If you’re not into being on hold for 20 minutes at a time or don’t want to talk to people (I get it), you can have Rocket Money do it for you.

Yes, Rocket Money We automatically scan your bills to find savings. Upload or connect and let our negotiators go to work for you to get the best possible rate and save you money on these bills.

Rocket Money charges a 30–60% fee on the savings they achieve for you. So, if they reduce your phone bill and save you $175 for the year, you’d owe them $50 to $105 upfront—something you might have managed by yourself!

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80% of people save money by using Rocket Money to find and cancel unwanted subscriptions! With Rocket Money, you can also effortlessly track your spending, easily lower bills and track your net worth.

You Need Some Stuff

Even if you have all you need, getting some new stuff for your new digs is always nice. If you like shopping online from your couch in sweats, you need to try services like Dosh.

You simply link your debit or credit card, and allow Dosh to handle the monitoring. It reviews your transactions to identify those eligible for cashback offers and then directly deposits the cash into your Dosh wallet.

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When you’re decking out your new apartment, focus on the stuff you need. Don’t just grab a plain coffee table from Target when you might stumble upon an awesome old cedar chest at a flea market. It could be a cooler coffee table with secret storage!

Tell your friends and family you’re moving into your place. You won’t believe the cool free stuff they might offer.

Loads of folks have too much stuff cluttering up their homes and would rather give it to someone who can use it than try to sell it or toss it out. It feels good to rehome their old treasures.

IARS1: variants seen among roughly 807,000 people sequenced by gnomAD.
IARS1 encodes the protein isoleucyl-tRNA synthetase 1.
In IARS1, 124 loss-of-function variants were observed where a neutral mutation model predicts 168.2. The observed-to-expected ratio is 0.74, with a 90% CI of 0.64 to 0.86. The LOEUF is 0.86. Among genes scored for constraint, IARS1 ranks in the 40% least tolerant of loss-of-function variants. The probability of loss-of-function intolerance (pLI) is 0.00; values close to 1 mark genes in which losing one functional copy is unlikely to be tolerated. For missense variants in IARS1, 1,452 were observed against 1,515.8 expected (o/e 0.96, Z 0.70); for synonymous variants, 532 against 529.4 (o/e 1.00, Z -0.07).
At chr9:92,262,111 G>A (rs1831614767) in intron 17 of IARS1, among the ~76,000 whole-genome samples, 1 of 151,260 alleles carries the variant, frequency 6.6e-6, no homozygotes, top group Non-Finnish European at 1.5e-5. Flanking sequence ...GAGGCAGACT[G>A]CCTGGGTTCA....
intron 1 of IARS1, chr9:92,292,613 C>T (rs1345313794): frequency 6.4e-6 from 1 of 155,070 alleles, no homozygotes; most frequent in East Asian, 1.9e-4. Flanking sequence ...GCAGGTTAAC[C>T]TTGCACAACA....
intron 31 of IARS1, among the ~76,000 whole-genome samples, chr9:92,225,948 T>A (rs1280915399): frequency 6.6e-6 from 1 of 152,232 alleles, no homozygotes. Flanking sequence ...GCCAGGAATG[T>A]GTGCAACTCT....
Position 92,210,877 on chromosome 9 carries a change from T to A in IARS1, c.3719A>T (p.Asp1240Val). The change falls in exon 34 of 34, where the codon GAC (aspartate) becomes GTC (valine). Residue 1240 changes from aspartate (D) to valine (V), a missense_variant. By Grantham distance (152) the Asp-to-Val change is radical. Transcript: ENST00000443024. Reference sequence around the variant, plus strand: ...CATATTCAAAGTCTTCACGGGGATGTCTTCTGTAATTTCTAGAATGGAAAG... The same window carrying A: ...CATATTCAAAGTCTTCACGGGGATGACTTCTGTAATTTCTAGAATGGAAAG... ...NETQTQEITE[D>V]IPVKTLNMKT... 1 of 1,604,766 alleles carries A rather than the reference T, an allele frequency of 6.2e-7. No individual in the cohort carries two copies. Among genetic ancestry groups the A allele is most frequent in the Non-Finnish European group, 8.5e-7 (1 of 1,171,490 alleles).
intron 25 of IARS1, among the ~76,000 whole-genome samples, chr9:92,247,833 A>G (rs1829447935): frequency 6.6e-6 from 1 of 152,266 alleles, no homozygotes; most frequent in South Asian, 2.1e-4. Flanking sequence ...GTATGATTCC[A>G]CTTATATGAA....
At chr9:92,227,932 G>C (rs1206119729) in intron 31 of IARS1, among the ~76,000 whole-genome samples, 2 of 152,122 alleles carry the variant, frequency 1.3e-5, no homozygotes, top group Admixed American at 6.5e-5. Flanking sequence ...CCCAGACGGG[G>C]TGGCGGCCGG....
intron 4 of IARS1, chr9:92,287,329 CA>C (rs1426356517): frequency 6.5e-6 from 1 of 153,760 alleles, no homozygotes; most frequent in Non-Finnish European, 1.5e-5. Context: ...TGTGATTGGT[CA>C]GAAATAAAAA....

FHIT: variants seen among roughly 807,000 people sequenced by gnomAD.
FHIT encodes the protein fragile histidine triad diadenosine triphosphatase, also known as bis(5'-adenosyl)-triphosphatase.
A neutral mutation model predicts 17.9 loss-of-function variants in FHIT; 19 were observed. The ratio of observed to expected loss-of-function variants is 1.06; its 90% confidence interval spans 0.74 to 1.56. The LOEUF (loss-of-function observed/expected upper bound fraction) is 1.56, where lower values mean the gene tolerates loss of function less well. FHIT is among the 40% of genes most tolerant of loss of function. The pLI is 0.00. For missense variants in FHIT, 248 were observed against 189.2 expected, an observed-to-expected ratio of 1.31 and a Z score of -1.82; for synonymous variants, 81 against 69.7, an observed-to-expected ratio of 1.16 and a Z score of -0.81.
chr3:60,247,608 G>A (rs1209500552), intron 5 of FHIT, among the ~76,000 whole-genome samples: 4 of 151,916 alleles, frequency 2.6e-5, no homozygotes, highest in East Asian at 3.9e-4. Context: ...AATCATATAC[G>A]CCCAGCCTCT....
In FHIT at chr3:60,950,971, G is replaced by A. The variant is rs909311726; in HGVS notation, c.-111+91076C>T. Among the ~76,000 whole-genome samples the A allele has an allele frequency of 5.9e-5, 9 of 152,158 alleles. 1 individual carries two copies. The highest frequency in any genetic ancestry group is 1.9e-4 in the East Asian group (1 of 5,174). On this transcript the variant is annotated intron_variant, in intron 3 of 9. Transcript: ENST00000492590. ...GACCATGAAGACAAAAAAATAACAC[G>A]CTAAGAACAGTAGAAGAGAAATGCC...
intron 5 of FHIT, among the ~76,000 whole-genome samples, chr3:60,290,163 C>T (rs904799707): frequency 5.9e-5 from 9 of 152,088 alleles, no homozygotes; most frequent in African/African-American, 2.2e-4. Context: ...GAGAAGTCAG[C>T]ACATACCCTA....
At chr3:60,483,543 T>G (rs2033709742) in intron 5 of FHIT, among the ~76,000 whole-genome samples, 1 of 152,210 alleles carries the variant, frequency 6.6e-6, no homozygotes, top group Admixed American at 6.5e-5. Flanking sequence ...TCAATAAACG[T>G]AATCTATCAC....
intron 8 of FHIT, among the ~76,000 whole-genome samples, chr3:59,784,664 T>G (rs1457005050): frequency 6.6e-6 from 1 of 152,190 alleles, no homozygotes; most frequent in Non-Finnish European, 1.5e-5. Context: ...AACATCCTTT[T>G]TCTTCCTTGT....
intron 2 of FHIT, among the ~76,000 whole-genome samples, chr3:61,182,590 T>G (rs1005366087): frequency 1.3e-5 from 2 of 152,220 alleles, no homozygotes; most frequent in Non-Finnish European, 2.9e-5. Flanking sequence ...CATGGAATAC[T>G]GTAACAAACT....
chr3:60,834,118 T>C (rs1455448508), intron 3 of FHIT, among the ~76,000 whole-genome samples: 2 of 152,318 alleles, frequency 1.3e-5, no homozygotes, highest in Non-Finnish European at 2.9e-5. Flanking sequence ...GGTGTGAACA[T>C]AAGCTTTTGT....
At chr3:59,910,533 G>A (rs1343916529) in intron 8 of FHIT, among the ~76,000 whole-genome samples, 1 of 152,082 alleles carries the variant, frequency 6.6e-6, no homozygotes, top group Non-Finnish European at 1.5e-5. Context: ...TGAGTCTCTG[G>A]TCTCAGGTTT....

Check out sites like Freecycle or the free section of Craigslist.

Not everything in your apartment needs to be brand new. While picking up a mattress from the side of the road might not be ideal, consider exploring thrift stores for other items before opting to buy new ones. This approach can uncover unique finds and save money.

You’ve Gotta Eat!

Whether you’re an accomplished cook or someone who considers beer, wings, and pizza the components of a three-course meal, your approach to food matters. Regardless of your culinary preferences, food expenses can quickly add up if not managed wisely. However, with a few savvy strategies, you can enjoy delicious meals without spending a fortune.

Get a Slow Cooker: Even if you can’t cook, you can cook something delicious in a slow cooker.

Saving money while eating at home is both practical and achievable with the right strategies. Here are some effective ways to reduce your food expenses without sacrificing quality or variety:


  1. Plan Your Meals: Planning your meals for the week can help you buy only what you need, reducing waste and unnecessary purchases.
  2. Cook in Bulk: Prepare large portions of meals that can be easily frozen and reheated later. This not only saves time but also reduces the temptation to eat out.
  3. Shop with a List: Always shop with a grocery list and stick to it. This helps avoid impulse buys that can inflate your grocery bill.
  4. Buy Generic Brands: Opt for store or generic brands instead of name brands. The quality is often comparable, but the cost is significantly lower.
  5. Use Coupons and Discounts: Look for coupons, discounts, and grocery store loyalty programs that can save you money on your purchases.

Other Ways to Save on Food and Groceries

To save on groceries, strategic shopping is key. Shopping solo helps avoid impulse buys, and hitting the stores during quieter times allows for thoughtful comparison shopping.

Opting for more affordable meat options and generic brands can lead to significant savings, as can buying hygiene products from discount retailers. Sticking to the store’s perimeter where fresh, unprocessed foods are located can also help keep costs down.

Max out those grocery rewards cards, tally up your cart with a calculator and hit up sales to save some serious cash.

These easy tricks can help you cut down on your food bills.


Yes, laundry may feel like a chore, but it doesn’t have to be a major hassle! There are strategies not only to reduce the cost associated with laundry but also to extend the lifespan of your clothing.

Especially if you’re relying on coin-operated machines, these tips can significantly reduce the amount of change you need to dig out from under your couch cushions.